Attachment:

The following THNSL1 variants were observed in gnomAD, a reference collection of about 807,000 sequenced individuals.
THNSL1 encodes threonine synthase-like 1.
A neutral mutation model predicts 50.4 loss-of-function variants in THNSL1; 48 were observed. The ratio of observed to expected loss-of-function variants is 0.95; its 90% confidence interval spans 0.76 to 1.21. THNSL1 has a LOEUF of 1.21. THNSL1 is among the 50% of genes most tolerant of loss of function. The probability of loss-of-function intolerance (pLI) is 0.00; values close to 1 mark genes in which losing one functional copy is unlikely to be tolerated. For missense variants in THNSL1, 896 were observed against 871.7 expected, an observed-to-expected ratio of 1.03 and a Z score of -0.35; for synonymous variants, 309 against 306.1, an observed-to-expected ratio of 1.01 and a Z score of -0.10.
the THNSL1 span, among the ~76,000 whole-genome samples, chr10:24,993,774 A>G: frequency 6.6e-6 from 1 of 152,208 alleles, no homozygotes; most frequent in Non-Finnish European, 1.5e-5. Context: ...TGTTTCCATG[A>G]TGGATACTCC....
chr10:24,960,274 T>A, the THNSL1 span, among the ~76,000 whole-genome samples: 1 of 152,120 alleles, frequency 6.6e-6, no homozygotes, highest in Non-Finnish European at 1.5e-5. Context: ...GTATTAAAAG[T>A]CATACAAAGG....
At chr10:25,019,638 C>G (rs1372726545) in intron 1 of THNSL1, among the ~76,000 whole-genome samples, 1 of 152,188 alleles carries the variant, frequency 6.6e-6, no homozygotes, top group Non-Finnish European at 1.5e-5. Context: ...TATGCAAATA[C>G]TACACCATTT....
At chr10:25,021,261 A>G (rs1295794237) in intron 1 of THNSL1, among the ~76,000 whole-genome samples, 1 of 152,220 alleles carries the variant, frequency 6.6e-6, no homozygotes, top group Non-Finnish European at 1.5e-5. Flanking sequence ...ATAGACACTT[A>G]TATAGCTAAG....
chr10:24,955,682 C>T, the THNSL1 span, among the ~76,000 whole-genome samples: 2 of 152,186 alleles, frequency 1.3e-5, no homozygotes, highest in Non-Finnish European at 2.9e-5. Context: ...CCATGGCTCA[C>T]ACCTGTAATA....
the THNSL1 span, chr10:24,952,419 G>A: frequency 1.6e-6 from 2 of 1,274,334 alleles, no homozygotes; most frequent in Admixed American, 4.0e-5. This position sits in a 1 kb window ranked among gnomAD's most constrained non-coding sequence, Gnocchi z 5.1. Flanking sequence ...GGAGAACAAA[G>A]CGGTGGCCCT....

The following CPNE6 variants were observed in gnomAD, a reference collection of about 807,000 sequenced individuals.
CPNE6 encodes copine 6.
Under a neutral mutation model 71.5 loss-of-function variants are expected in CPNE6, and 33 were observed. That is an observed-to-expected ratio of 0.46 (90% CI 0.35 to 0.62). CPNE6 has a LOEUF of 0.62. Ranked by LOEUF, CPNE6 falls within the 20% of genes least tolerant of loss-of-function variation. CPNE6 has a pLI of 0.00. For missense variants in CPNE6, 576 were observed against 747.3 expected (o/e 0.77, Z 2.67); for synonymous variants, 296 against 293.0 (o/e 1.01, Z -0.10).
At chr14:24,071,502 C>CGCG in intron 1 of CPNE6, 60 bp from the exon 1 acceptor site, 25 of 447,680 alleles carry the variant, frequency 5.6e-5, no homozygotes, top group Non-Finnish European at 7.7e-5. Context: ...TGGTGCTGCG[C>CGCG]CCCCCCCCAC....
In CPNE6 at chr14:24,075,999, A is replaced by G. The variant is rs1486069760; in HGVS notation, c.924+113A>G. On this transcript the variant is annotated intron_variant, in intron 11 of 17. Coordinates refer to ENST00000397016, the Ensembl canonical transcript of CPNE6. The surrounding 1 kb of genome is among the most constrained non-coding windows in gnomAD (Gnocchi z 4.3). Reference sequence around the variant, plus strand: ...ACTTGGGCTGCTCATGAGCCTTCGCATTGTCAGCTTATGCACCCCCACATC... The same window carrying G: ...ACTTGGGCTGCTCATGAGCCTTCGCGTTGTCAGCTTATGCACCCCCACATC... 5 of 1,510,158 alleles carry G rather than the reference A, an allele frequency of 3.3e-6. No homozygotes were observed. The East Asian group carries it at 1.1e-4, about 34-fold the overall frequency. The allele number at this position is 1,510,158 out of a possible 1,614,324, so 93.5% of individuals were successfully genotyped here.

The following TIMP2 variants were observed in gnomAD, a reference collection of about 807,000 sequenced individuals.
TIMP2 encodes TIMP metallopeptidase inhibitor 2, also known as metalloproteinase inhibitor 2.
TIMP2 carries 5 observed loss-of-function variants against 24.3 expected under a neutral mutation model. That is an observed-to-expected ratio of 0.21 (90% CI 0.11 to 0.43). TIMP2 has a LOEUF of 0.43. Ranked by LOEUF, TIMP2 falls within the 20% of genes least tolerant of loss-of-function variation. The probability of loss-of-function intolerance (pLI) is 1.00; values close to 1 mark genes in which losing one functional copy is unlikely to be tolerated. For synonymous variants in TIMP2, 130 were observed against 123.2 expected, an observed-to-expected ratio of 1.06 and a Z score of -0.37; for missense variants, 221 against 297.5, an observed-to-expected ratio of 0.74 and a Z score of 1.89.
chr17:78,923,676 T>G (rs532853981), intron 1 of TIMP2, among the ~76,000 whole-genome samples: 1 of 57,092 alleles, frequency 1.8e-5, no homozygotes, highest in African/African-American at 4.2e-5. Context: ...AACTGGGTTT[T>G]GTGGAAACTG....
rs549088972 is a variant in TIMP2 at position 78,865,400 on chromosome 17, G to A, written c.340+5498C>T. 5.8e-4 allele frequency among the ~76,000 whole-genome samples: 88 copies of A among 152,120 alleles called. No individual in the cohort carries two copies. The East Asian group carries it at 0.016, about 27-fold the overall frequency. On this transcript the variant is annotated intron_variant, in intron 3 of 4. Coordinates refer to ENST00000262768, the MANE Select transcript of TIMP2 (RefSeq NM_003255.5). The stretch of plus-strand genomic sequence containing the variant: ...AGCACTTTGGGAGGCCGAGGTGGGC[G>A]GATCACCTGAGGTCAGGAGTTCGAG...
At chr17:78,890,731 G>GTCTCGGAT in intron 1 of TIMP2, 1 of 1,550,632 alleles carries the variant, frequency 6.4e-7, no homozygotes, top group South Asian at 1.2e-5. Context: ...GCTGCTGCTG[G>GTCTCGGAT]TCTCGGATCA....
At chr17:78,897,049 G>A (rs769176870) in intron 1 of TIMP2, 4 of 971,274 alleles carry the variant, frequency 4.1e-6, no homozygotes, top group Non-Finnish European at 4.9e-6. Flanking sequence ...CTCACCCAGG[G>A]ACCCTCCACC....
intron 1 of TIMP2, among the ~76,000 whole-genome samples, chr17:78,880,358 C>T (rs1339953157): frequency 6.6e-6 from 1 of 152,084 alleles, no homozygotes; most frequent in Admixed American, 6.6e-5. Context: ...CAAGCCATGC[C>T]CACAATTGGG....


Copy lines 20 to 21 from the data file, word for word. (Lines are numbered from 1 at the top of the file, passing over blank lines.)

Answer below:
At chr17:78,890,731 G>GTCTCGGAT in intron 1 of TIMP2, 1 of 1,550,632 alleles carries the variant, frequency 6.4e-7, no homozygotes, top group South Asian at 1.2e-5. Context: ...GCTGCTGCTG[G>GTCTCGGAT]TCTCGGATCA....
At chr17:78,897,049 G>A (rs769176870) in intron 1 of TIMP2, 4 of 971,274 alleles carry the variant, frequency 4.1e-6, no homozygotes, top group Non-Finnish European at 4.9e-6. Flanking sequence ...CTCACCCAGG[G>A]ACCCTCCACC....